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Contraception. 1992 Apr;45(4):313-24.

The long-term growth and development of children exposed to Depo-Provera during pregnancy or lactation.

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Department of Community Medicine, Faculty of Medicine, Chiang Mai University, Thailand.


Children exposed to the injectable contraceptive Depo-Provera (DMPA) during pregnancy (N = 1,207), and/or during breastfeeding (N = 1,215) were exposures during pregnancy or breastfeeding. Weights and heights were measured for all children, and information on signs of puberty obtained for children aged ten and over. Cross-sectional weights and heights by age of DMPA-exposed children were similar to those for controls. Children with DMPA exposure during pregnancy and lactation had an increased risk of suboptimal growth in height, defined as less than two Z scores on NCHS standards (RR = 1.4, 95% CI 1.2-1.8). However, after adjustment for socioeconomic factors by multiple logistic regression, there was no increased risk of impaired growth among the DMPA-exposed children (RR = 1.1, 95% CI 0.8 - 1.6). With the exception of a delay in onset of reported pubic hair growth among DMPA-exposed girls, there were no significant effects on attainment of puberty. We conclude that use of DMPA during pregnancy or breastfeeding does not adversely affect the long-term growth and development of children.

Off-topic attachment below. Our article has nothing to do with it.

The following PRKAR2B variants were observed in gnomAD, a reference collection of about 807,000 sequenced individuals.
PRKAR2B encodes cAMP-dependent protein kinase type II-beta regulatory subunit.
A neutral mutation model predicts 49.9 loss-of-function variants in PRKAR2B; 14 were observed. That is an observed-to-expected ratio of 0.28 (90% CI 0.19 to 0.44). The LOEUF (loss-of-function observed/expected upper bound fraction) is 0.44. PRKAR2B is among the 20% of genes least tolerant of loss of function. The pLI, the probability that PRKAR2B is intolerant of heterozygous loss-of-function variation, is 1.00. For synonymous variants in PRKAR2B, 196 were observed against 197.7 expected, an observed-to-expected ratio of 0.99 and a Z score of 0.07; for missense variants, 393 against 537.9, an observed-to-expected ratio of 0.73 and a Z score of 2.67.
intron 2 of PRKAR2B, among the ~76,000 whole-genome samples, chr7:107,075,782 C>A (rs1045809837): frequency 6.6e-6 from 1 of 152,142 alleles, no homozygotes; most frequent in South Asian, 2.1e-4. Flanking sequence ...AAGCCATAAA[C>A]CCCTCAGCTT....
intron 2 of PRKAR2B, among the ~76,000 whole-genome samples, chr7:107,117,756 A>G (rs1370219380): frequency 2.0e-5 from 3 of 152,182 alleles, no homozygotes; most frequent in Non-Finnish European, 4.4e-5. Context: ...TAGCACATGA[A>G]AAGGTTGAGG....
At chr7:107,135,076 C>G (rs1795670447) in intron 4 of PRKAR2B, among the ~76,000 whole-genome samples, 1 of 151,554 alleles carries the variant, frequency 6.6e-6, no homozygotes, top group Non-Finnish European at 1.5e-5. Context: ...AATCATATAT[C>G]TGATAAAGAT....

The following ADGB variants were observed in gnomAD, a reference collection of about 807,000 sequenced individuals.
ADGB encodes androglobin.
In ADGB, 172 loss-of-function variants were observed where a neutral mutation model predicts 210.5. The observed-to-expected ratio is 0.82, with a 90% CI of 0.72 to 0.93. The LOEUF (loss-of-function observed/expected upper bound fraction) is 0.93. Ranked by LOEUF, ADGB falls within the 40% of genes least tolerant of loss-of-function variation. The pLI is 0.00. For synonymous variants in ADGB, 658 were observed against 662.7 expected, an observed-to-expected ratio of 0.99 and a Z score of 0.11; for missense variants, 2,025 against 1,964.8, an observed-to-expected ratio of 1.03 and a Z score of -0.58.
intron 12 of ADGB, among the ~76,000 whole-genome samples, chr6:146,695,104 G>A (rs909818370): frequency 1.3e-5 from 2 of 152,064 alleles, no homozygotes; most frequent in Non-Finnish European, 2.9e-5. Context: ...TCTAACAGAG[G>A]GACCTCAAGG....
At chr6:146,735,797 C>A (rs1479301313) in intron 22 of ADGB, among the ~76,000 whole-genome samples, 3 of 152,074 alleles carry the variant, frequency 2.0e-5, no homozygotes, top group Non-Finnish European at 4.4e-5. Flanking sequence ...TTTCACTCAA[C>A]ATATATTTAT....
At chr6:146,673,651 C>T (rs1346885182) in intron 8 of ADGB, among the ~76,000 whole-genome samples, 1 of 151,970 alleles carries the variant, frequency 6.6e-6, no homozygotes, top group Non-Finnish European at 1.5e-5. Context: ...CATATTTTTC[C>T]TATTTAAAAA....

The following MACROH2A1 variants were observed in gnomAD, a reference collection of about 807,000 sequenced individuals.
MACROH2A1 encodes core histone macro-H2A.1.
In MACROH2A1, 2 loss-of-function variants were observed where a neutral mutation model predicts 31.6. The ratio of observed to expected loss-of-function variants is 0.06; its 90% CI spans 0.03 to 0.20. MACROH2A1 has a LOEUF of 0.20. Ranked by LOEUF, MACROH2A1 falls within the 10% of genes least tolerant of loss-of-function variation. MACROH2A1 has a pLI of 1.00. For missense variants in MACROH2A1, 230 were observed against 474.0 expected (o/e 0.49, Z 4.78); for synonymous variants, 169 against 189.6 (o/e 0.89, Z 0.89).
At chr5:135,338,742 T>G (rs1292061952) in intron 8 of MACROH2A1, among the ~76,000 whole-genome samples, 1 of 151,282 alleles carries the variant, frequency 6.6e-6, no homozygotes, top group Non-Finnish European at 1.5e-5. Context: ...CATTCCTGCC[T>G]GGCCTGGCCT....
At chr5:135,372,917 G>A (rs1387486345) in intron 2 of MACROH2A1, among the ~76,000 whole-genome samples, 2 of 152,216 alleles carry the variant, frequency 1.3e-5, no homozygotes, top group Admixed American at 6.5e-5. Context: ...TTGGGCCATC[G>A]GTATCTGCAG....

In Chiang Mai, Thailand, community physicians followed 2422 women who used the contraceptive injectable, Depo-Provera (DMPA), either during pregnancy and/or while breast feeding. They compared the longterm growth of the children exposed to DMPA with that of 1167 children who were not exposed to hormones during pregnancy or lactation. Multiple logistic regression revealed that DMPA exposure did not adversely affect mean height and weight by age for either sex. In fact, the height and weight curves of DMPA exposed children paralleled cross-sectional growth charts of the general population of Chiang Mai. DMPA did not significantly alter breast milk volume or composition. WHO has reported that some DMPA does pass into the breast milk (maternal plasma: milk ratios range from 100:60 to 1:1), but, according to these findings, this passively transferred DMPA dose not adversely affect child development. DMPA exposure in utero did not delay puberty among boys. DMPA-exposed girls experienced a slight but insignificant delay in menarche and breast development (20.6 vs. 22.8% and 57.4 vs. 58.3%, respectively). The hormone appeared to significantly delay appearance of pubic hair among DMPA exposed girls (9.3% of cases had pubic hair by 15 vs. 14.4% of controls; p = .05), but the researchers had to depend on reports of the mothers and children, since cultural sensitivities precluded them from directly observing pubic hair development. In addition, the numbers of children older than 10 years were small. The researchers planned to prospectively follow a larger sample of DMPA-exposed children to more precisely determine puberty-related changes. In conclusion, breast-feeding mothers can safely use Depo-Provera.

[Indexed for MEDLINE]

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